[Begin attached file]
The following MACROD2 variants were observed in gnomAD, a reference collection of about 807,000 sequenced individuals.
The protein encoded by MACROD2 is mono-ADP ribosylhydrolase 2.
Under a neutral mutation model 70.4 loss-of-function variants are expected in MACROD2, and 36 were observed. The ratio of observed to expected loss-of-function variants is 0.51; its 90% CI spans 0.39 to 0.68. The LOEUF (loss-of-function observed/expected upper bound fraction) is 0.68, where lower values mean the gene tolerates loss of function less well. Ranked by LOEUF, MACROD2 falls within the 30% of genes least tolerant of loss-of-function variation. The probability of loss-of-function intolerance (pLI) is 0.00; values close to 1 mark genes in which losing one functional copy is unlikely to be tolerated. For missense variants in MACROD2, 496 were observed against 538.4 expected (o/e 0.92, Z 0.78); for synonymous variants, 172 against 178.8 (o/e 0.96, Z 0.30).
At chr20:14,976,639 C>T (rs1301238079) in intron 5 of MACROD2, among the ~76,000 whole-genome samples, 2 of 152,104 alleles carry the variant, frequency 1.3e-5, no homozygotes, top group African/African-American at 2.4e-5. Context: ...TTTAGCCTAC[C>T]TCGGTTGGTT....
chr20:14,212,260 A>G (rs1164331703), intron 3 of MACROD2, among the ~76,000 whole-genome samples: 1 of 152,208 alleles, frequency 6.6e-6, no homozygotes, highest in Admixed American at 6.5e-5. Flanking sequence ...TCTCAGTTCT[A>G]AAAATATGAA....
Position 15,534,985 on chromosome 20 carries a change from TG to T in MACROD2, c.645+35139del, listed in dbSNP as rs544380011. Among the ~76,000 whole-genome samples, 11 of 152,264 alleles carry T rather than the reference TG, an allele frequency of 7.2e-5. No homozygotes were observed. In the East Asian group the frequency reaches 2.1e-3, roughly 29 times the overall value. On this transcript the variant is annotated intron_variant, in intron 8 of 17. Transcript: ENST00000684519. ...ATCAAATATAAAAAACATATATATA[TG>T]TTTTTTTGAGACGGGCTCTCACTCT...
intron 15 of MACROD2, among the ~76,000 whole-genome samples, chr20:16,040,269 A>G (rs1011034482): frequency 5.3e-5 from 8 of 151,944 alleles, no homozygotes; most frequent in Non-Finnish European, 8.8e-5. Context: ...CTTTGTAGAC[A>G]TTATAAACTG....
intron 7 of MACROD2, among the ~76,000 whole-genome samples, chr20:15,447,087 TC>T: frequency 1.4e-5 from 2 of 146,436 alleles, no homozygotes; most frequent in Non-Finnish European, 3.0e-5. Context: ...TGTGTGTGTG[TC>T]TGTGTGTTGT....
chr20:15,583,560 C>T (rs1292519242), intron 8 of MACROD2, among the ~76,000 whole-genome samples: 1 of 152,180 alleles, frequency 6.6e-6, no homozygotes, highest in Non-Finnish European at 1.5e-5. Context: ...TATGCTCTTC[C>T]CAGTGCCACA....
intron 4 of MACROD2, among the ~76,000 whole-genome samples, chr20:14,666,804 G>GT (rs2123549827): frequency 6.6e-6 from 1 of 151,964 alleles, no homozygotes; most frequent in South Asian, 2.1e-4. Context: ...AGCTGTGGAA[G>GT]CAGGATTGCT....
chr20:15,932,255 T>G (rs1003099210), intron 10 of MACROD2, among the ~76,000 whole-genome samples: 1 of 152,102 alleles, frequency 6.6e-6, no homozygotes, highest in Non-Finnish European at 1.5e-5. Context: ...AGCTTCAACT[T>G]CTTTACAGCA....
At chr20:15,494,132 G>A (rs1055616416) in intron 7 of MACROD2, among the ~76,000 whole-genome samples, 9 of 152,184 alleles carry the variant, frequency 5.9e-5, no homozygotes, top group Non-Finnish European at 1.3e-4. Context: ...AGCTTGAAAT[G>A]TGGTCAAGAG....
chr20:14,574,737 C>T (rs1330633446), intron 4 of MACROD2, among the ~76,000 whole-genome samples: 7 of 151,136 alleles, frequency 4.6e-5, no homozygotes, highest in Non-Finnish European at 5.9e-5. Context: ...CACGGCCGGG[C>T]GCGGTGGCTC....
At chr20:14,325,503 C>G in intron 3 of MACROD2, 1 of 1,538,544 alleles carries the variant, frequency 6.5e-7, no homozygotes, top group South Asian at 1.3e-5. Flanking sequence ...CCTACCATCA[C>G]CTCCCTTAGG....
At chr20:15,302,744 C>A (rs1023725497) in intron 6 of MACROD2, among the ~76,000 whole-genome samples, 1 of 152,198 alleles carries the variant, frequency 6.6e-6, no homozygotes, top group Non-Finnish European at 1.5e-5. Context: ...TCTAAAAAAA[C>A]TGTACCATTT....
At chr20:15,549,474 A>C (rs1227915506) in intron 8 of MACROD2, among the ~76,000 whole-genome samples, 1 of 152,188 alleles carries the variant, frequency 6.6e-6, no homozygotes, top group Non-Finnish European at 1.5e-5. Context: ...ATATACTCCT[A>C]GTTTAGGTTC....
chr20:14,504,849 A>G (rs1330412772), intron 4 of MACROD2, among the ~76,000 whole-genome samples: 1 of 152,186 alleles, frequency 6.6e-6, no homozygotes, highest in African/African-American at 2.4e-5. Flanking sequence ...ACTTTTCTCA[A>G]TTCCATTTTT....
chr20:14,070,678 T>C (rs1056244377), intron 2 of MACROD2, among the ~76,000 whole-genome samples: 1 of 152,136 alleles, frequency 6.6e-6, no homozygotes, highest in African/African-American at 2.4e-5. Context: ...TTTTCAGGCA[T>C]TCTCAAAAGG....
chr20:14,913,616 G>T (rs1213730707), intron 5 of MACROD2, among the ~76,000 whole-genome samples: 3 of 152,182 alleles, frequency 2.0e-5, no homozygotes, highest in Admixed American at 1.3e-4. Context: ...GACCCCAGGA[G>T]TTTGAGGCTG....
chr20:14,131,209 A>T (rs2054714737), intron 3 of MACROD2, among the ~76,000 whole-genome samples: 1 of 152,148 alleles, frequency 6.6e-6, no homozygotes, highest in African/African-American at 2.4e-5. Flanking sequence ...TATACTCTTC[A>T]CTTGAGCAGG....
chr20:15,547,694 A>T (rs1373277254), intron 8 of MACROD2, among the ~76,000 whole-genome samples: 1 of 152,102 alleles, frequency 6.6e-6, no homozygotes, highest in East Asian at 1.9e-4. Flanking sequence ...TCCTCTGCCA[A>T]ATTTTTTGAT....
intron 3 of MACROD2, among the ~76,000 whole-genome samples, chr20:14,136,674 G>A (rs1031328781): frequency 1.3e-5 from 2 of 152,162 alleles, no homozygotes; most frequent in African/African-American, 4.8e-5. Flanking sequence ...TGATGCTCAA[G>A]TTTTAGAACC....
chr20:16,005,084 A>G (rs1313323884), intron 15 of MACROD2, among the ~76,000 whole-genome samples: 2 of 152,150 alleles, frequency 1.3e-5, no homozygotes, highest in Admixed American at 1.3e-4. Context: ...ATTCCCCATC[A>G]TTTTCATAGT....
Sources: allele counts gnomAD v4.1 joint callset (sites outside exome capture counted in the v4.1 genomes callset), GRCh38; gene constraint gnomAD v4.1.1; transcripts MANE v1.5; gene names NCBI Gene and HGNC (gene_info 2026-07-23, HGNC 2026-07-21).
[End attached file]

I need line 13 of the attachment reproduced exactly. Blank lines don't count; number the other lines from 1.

chr20:14,574,737 C>T (rs1330633446), intron 4 of MACROD2, among the ~76,000 whole-genome samples: 7 of 151,136 alleles, frequency 4.6e-5, no homozygotes, highest in Non-Finnish European at 5.9e-5. Context: ...CACGGCCGGG[C>T]GCGGTGGCTC....